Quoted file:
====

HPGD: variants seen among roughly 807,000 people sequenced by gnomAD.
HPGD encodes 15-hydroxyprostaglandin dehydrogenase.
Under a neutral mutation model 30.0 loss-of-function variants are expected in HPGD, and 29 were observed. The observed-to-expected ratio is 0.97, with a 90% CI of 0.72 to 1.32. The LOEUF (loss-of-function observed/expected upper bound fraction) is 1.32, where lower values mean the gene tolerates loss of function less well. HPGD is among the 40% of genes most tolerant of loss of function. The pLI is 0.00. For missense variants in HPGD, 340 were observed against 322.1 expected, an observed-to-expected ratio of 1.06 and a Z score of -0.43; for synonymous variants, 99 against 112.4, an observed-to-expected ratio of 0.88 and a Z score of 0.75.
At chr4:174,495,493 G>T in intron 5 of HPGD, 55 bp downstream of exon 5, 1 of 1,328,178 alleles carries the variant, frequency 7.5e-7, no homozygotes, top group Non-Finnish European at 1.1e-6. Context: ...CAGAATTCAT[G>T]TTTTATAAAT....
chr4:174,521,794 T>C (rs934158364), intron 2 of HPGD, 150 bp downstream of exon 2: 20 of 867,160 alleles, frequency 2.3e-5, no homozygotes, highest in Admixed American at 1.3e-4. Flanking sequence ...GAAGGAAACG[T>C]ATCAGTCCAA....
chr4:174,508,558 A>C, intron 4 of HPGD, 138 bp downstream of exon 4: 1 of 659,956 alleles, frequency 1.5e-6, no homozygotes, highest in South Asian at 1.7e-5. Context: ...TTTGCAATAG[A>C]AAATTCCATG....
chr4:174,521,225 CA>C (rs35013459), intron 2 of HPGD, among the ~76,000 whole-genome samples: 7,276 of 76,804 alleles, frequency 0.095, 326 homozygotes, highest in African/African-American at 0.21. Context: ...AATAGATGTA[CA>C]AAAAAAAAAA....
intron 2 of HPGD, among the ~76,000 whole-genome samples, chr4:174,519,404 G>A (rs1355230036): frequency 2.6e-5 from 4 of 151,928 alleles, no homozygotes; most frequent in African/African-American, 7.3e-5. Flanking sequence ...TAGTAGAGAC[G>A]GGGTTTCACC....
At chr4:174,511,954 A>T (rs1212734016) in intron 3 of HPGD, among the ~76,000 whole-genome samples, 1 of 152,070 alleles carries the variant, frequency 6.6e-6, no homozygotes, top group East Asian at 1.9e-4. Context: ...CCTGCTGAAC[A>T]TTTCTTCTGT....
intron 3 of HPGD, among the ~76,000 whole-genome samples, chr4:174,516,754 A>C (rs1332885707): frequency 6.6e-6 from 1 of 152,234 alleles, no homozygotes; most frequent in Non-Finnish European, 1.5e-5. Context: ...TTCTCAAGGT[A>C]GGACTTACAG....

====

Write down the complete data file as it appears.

HPGD: variants seen among roughly 807,000 people sequenced by gnomAD.
HPGD encodes 15-hydroxyprostaglandin dehydrogenase.
Under a neutral mutation model 30.0 loss-of-function variants are expected in HPGD, and 29 were observed. The observed-to-expected ratio is 0.97, with a 90% CI of 0.72 to 1.32. The LOEUF (loss-of-function observed/expected upper bound fraction) is 1.32, where lower values mean the gene tolerates loss of function less well. HPGD is among the 40% of genes most tolerant of loss of function. The pLI is 0.00. For missense variants in HPGD, 340 were observed against 322.1 expected, an observed-to-expected ratio of 1.06 and a Z score of -0.43; for synonymous variants, 99 against 112.4, an observed-to-expected ratio of 0.88 and a Z score of 0.75.
At chr4:174,495,493 G>T in intron 5 of HPGD, 55 bp downstream of exon 5, 1 of 1,328,178 alleles carries the variant, frequency 7.5e-7, no homozygotes, top group Non-Finnish European at 1.1e-6. Context: ...CAGAATTCAT[G>T]TTTTATAAAT....
chr4:174,521,794 T>C (rs934158364), intron 2 of HPGD, 150 bp downstream of exon 2: 20 of 867,160 alleles, frequency 2.3e-5, no homozygotes, highest in Admixed American at 1.3e-4. Flanking sequence ...GAAGGAAACG[T>C]ATCAGTCCAA....
chr4:174,508,558 A>C, intron 4 of HPGD, 138 bp downstream of exon 4: 1 of 659,956 alleles, frequency 1.5e-6, no homozygotes, highest in South Asian at 1.7e-5. Context: ...TTTGCAATAG[A>C]AAATTCCATG....
chr4:174,521,225 CA>C (rs35013459), intron 2 of HPGD, among the ~76,000 whole-genome samples: 7,276 of 76,804 alleles, frequency 0.095, 326 homozygotes, highest in African/African-American at 0.21. Context: ...AATAGATGTA[CA>C]AAAAAAAAAA....
intron 2 of HPGD, among the ~76,000 whole-genome samples, chr4:174,519,404 G>A (rs1355230036): frequency 2.6e-5 from 4 of 151,928 alleles, no homozygotes; most frequent in African/African-American, 7.3e-5. Flanking sequence ...TAGTAGAGAC[G>A]GGGTTTCACC....
At chr4:174,511,954 A>T (rs1212734016) in intron 3 of HPGD, among the ~76,000 whole-genome samples, 1 of 152,070 alleles carries the variant, frequency 6.6e-6, no homozygotes, top group East Asian at 1.9e-4. Context: ...CCTGCTGAAC[A>T]TTTCTTCTGT....
intron 3 of HPGD, among the ~76,000 whole-genome samples, chr4:174,516,754 A>C (rs1332885707): frequency 6.6e-6 from 1 of 152,234 alleles, no homozygotes; most frequent in Non-Finnish European, 1.5e-5. Context: ...TTCTCAAGGT[A>C]GGACTTACAG....